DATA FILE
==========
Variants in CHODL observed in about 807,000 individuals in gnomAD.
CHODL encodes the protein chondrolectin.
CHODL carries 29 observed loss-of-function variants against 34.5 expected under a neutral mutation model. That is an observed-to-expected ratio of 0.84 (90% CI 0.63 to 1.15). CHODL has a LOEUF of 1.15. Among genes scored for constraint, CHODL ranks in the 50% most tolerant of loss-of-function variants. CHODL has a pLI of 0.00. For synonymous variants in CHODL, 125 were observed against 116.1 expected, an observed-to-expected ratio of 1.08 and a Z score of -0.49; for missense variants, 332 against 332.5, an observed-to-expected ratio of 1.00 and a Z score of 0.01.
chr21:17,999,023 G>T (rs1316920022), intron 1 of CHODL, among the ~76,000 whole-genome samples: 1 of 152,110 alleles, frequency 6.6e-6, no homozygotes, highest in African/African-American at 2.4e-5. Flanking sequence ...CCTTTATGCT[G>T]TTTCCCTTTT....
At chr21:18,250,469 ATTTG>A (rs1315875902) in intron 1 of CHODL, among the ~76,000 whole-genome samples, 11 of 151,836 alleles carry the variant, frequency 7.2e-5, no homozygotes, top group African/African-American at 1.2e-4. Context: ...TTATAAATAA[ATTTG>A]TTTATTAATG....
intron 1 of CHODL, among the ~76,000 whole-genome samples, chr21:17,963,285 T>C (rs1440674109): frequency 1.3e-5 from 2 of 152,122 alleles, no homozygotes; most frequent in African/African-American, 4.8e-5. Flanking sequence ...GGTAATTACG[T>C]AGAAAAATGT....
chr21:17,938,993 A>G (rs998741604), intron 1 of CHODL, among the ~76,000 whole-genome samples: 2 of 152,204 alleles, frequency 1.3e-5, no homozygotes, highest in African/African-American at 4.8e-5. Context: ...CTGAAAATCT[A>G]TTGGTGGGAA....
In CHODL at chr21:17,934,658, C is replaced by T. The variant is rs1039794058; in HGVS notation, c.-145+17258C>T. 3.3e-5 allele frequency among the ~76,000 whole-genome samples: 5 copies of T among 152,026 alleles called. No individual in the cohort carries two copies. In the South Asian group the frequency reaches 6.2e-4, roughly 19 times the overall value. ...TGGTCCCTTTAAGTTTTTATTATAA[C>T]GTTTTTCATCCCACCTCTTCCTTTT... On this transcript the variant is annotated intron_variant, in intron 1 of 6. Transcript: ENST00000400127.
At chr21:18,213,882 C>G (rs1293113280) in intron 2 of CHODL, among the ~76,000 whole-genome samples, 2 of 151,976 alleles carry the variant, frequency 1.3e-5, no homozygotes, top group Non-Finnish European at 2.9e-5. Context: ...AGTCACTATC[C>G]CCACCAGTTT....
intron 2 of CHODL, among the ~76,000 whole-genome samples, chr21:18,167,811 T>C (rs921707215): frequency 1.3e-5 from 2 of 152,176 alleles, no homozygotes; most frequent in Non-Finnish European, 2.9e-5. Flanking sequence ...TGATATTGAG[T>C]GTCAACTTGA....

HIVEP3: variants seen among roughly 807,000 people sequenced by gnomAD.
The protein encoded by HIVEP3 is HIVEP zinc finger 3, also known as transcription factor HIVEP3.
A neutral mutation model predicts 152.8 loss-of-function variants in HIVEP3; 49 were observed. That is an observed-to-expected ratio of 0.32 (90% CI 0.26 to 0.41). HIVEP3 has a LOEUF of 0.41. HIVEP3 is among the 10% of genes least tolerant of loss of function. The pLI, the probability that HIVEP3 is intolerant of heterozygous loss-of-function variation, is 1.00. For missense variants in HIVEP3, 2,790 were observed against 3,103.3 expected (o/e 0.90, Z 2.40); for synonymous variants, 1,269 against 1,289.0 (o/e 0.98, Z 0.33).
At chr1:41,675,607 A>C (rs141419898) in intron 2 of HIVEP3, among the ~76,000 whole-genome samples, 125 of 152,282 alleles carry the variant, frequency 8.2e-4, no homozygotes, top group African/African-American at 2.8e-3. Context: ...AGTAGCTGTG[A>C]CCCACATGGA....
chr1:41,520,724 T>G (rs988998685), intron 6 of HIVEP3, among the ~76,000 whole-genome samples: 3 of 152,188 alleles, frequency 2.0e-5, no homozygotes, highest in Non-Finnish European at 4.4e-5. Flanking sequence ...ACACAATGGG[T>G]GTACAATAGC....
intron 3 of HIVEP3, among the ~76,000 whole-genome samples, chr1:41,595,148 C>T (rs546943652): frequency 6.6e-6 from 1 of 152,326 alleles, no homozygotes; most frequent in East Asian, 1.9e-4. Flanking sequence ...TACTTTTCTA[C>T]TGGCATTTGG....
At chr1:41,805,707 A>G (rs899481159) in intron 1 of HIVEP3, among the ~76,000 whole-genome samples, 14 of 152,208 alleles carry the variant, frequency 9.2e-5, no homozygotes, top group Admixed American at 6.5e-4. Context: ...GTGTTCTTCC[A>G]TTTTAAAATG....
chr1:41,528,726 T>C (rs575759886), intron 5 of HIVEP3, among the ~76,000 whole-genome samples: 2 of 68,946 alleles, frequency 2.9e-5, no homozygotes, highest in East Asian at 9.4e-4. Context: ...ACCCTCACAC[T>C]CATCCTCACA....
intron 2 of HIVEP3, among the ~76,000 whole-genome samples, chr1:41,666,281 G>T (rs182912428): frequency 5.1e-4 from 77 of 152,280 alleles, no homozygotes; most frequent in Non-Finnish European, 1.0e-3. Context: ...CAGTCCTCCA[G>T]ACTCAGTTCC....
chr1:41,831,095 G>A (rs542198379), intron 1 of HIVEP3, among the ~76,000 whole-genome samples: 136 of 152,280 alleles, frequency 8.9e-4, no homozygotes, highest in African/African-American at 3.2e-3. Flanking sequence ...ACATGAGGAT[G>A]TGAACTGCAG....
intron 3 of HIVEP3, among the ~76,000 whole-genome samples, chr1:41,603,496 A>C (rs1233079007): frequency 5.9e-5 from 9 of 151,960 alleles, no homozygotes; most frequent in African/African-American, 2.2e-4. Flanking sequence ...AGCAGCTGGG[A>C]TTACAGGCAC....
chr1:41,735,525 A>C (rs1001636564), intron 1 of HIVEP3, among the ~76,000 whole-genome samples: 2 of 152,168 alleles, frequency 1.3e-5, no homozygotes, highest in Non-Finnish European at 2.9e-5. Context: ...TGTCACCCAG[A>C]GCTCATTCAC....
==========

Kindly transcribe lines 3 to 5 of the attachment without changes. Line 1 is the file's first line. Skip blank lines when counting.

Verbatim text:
CHODL carries 29 observed loss-of-function variants against 34.5 expected under a neutral mutation model. That is an observed-to-expected ratio of 0.84 (90% CI 0.63 to 1.15). CHODL has a LOEUF of 1.15. Among genes scored for constraint, CHODL ranks in the 50% most tolerant of loss-of-function variants. CHODL has a pLI of 0.00. For synonymous variants in CHODL, 125 were observed against 116.1 expected, an observed-to-expected ratio of 1.08 and a Z score of -0.49; for missense variants, 332 against 332.5, an observed-to-expected ratio of 1.00 and a Z score of 0.01.
chr21:17,999,023 G>T (rs1316920022), intron 1 of CHODL, among the ~76,000 whole-genome samples: 1 of 152,110 alleles, frequency 6.6e-6, no homozygotes, highest in African/African-American at 2.4e-5. Flanking sequence ...CCTTTATGCT[G>T]TTTCCCTTTT....
At chr21:18,250,469 ATTTG>A (rs1315875902) in intron 1 of CHODL, among the ~76,000 whole-genome samples, 11 of 151,836 alleles carry the variant, frequency 7.2e-5, no homozygotes, top group African/African-American at 1.2e-4. Context: ...TTATAAATAA[ATTTG>A]TTTATTAATG....